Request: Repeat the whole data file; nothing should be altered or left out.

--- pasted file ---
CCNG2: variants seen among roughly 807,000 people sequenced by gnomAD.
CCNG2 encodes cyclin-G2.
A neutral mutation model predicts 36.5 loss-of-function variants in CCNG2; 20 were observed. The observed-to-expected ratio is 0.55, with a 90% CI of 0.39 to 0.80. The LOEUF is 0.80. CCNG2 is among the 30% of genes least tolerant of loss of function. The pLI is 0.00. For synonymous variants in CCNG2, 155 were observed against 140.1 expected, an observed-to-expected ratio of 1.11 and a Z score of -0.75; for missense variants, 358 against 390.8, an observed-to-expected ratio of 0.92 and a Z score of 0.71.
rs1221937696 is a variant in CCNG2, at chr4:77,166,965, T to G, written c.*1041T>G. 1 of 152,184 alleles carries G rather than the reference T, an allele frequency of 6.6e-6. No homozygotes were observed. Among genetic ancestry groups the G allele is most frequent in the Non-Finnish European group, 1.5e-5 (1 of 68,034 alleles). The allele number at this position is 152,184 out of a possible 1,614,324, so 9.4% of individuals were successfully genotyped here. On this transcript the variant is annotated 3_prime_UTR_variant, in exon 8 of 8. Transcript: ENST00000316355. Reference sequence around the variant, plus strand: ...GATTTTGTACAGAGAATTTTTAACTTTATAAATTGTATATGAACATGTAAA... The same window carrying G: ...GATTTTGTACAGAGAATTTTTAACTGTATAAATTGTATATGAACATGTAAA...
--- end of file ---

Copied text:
CCNG2: variants seen among roughly 807,000 people sequenced by gnomAD.
CCNG2 encodes cyclin-G2.
A neutral mutation model predicts 36.5 loss-of-function variants in CCNG2; 20 were observed. The observed-to-expected ratio is 0.55, with a 90% CI of 0.39 to 0.80. The LOEUF is 0.80. CCNG2 is among the 30% of genes least tolerant of loss of function. The pLI is 0.00. For synonymous variants in CCNG2, 155 were observed against 140.1 expected, an observed-to-expected ratio of 1.11 and a Z score of -0.75; for missense variants, 358 against 390.8, an observed-to-expected ratio of 0.92 and a Z score of 0.71.
rs1221937696 is a variant in CCNG2, at chr4:77,166,965, T to G, written c.*1041T>G. 1 of 152,184 alleles carries G rather than the reference T, an allele frequency of 6.6e-6. No homozygotes were observed. Among genetic ancestry groups the G allele is most frequent in the Non-Finnish European group, 1.5e-5 (1 of 68,034 alleles). The allele number at this position is 152,184 out of a possible 1,614,324, so 9.4% of individuals were successfully genotyped here. On this transcript the variant is annotated 3_prime_UTR_variant, in exon 8 of 8. Transcript: ENST00000316355. Reference sequence around the variant, plus strand: ...GATTTTGTACAGAGAATTTTTAACTTTATAAATTGTATATGAACATGTAAA... The same window carrying G: ...GATTTTGTACAGAGAATTTTTAACTGTATAAATTGTATATGAACATGTAAA...